- Private-equity firms have increased their stakes in wealth-management firms over the last few years.
- The focus has been on RIAs, which collectively manage about $100 trillion of assets.
- A former UBS exec wants to help match RIAs that need cash with investors like family offices.
Vestria Capital is looking to give more investors access to the booming market of breakaway investment advisors.
Registered investment advisors, more commonly known in the industry as RIAs, are a segment of the wealth industry managing $110 trillions of assets made up of wealth managers that have typically launched after leaving a big brand like Merrill Lynch or Morgan Stanley.
Over the last few years, the industry’s largest RIAs have attracted investment from private-equity firms including KKR, Bain Capital, and Warburg Pincus. Meanwhile, smaller RIAs looking for cash tend to get acquired or opt for a minority investment from so-called service providers like Dynasty Financial Partners.
Vestria is setting out to fill a void its founder and CEO Paul Hatch says large services providers have left open in the wealth management industry.
“One of the things RIAs and people who are coming from the traditional space are all looking for is capital,” Hatch told Insider. Service providers, which offer back and middle-office support such as technology and compliance help to new or growing RIAs, “don’t really provide capital.”
Dallas-based Vestria has dubbed itself an “RIA accelerator,” a company that helps match select RIAs with growth capital providers like family offices, financial companies, and private-equity firms. It also gives the RIA an advisory board and access to wealth-management technology. Hatch, a former UBS Wealth Management director turned consultant to asset and wealth management firms, started Vestria with partner Paul Landaiche in 2021.
The case for investing in RIAs amid a gloomy market outlook
Many of the RIA industry’s largest firms focus on growth through acquisition. In a record year of wealth management mergers and acquisitions, private equity was involved in approximately 69%, or 209, of the 307 deals last year. In both 2019 and 2020, there were 135 such transactions, according to Echelon Partners RIA M&A Deal Report.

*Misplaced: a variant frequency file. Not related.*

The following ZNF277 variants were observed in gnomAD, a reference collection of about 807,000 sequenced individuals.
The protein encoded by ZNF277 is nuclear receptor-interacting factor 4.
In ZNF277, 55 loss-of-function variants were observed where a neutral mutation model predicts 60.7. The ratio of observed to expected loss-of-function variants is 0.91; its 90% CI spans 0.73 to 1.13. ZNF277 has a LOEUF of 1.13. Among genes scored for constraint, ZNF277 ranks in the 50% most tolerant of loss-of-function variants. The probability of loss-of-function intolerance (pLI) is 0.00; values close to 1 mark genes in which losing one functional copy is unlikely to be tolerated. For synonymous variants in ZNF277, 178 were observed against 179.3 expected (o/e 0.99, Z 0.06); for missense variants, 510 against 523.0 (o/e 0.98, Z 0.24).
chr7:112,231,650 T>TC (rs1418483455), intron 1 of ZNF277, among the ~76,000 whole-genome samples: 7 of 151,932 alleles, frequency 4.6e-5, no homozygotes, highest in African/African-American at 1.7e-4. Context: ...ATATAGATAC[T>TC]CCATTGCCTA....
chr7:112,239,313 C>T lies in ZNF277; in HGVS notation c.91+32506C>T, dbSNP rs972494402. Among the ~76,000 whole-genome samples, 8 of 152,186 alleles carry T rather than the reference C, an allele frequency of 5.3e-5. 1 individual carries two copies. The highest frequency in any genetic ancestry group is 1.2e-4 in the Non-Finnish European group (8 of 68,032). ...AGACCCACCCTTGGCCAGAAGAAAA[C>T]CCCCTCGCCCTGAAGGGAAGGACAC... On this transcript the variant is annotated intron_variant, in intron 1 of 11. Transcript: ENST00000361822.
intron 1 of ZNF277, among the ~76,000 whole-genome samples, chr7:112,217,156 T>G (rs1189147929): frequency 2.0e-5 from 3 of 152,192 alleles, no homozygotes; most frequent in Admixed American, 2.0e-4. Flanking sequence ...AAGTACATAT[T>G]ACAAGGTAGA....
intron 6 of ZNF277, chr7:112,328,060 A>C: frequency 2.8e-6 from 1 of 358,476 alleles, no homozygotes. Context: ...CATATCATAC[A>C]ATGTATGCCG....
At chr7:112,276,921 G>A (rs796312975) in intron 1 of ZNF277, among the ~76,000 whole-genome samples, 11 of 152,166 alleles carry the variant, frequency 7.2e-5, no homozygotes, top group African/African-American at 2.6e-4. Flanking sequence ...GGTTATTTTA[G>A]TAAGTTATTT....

But 2020 and 2021 were years of low interest rates and an economy trying to get back on its feet from the pandemic. This year, the market looks bearish, inflation is high, and the Fed has been eyeing another interest-rate hike. Valuations will lower, ruining the deal-making environment for sellers. But buyers, particularly those looking to deploy capital, will find this period to be prime.
“The multiples have been very high. We benefit personally by having multiples and levels of asset revenues go down a little bit,” Hatch told Insider.
The fact that RIAs profits go up and down with the markets is not a major concern for companies investing in them, he also said. Growth investors usually focus on how reoccurring the returns are, the relatively minimal fixed expenses, and how predictable the business model is.
What growth investors like the most are RIAs looking to make strategic acquisitions and jack up their client numbers: “Good RIAs have a tendency to grab market share during this period of time,” so when the markets go back up, so does their lead over other RIAs, said Hatch.
The company will scout for RIAs that have $1 billion to $5 billion in client assets and aims to have 20 firms and around $100 billion in the next five years.
Vestria is focused on growing the RIAs not only to help the advisory firms but to also ensure investors get a return. He told Insider that any majority-stake deals will include compensation incentives to grow the RIA’s profits. Hatch mentioned stock in Vestria and compensation tied to profit levels as examples of how deals with RIAs may be structured.
RIA independence will still exist past a majority stake, he added, because the firm will still have their own brand and management team.
“We want the RIAs to manage themselves,” Hatch told Insider.